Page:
Music Reviews

Did Virgo: Rise & Shine EP

 Posted by Stuart Bruce (@)   Techno / Trance / Goa / Drum'n'Bass / Jungle / Tribal / Trip-Hop
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Mar 07 2019
Artist: Did Virgo
Title: Rise & Shine EP
Format: 12" vinyl + Download
Label: La Dame Noir Records
Did Virgo has been DJ’ing in Marseille since the first night of the city’s first techno club, and further afield of course, for decades, and been involved in music production since the early noughties, but this is only his second EP release under that name, with the first five years ago- so it’s a bit of a rarity.

This is steady, generally 110bpm-120bpm house music with a supreme steadiness and a confident lack of drama. Synth bass steps reliably and unambitiously over simple 4/4 drum patterns, and a variety of synth details higher up to give texture. Opener “Show Me”, with its two-word vocal mantra, sets out this template very accurately. The lengthier spoken word work on “Glass Wool Acts” is strangely Yello-ish, while “Rise & Shine” has a more guitar-driven aspect to it that slightly recalls Rinôçérôse or perhaps a more American-ish EDM flavour.

“Kiss Me, Kill You” has a female vocal that’s English language but very French in pronunciation and stereotypical delivery, languid, soft and vowel-driven. It’s the closest intersection to pop, especially when the quite synthwave-ish arpeggios arrive. It’s the only track to get a remix, from Max Pask, whose re-take on it is rather straightforward- changing the sounds, making things sound a little brighter and poppier, but essentially it’s a remix that doesn’t venture very far from its parent track.

It’s a decent, steady, and DJ-friendly EP that will keep you relaxed but moving, without really rocking your world.

Sturqen: Survivalismo

 Posted by Vito Camarretta (@)   Industrial Noise / Power Noise / Harsh Noise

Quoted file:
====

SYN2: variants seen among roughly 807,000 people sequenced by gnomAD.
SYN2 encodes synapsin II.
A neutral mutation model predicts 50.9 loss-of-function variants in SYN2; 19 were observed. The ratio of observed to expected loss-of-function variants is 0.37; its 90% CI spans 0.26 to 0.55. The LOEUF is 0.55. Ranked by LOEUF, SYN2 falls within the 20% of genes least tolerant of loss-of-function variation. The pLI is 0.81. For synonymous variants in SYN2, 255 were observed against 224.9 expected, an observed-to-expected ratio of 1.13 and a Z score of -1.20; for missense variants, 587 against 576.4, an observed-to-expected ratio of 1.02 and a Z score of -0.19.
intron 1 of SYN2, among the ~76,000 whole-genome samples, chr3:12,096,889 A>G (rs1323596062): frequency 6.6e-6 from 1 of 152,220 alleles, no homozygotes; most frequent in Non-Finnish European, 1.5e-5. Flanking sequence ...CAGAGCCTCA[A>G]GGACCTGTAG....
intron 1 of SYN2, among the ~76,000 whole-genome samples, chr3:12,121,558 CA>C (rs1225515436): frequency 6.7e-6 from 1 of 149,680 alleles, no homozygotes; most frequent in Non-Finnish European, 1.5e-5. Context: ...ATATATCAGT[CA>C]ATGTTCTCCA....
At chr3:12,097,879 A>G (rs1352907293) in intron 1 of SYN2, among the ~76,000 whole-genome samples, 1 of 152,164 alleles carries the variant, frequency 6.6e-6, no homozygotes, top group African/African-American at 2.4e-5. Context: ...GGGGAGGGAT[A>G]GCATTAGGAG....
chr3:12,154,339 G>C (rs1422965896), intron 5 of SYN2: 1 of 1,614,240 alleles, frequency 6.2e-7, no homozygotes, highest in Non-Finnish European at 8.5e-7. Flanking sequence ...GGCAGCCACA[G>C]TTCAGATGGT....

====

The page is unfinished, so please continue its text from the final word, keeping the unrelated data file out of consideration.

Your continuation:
Techno / Trance / Goa / Drum'n'Bass / Jungle / Tribal / Trip-Hop
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Mar 03 2019
Artist: Sturqen (@)
Title: Survivalismo
Format: CD
Label: Kvitnu (@)
Rated: *****
Under the genuinely sonic aspect, this new album by Portuguese duo Sturqen (real names David Arantes and Cesar Rodrigues, from Oporto) for the knowingly excellent label Kvitnu, which cab be reasonably considered a milestone for lovers of power electronics, industrial techno, rhythmic noise and acid sonorities, maybe cannot be considered a fully fledged turning point, if you know the approach they followed on their previous outputs. In the first part, it's reminiscent, rather, of the acid stage of so-called elektro of the late 90ies (a branch of techno, siphoning elements of acid trance, who got packed into disorienting hyper-compressed epileptic rhythmical patterns), by following a pattern followed by many contemporary techno producers, who are massively reprising those sounds. Besides the (valuable) exercise in style (tracks like "Nervos", the stifling "Nuz" or "Novag" - the moment where these folk gets closer to some of the highest points reached in that niche by artists of labels like Rephlex, UR or Tresor -), the concept of this album could explain its structure: the first confusing and somehow unpleasant tracks, departing by the intro "Aranha" (Portuguese for 'spider') and the nervously acid glue of the already quoted "Nervos", seems to translate into sound the likewise confusing and disorienting world, where we live, whose timely traps and cages, where metal bars have been replaced by likewise unbending illusions. The following tracks seem to render a gradual awareness of such a concrete dystopia, a sort of carnival mirroring that cyclicality (as suggested by the strangling progression of "Hegel") of a history that becomes more and more smothering. The last (and the longest) track, titled "Energia", seems to cement both Sturqen's conceptual framework and the previous aural clues by a viscous electric storm, that sounds like a distorted declension of some obscure stuff by Gwenn Tremorin (Flint Glass).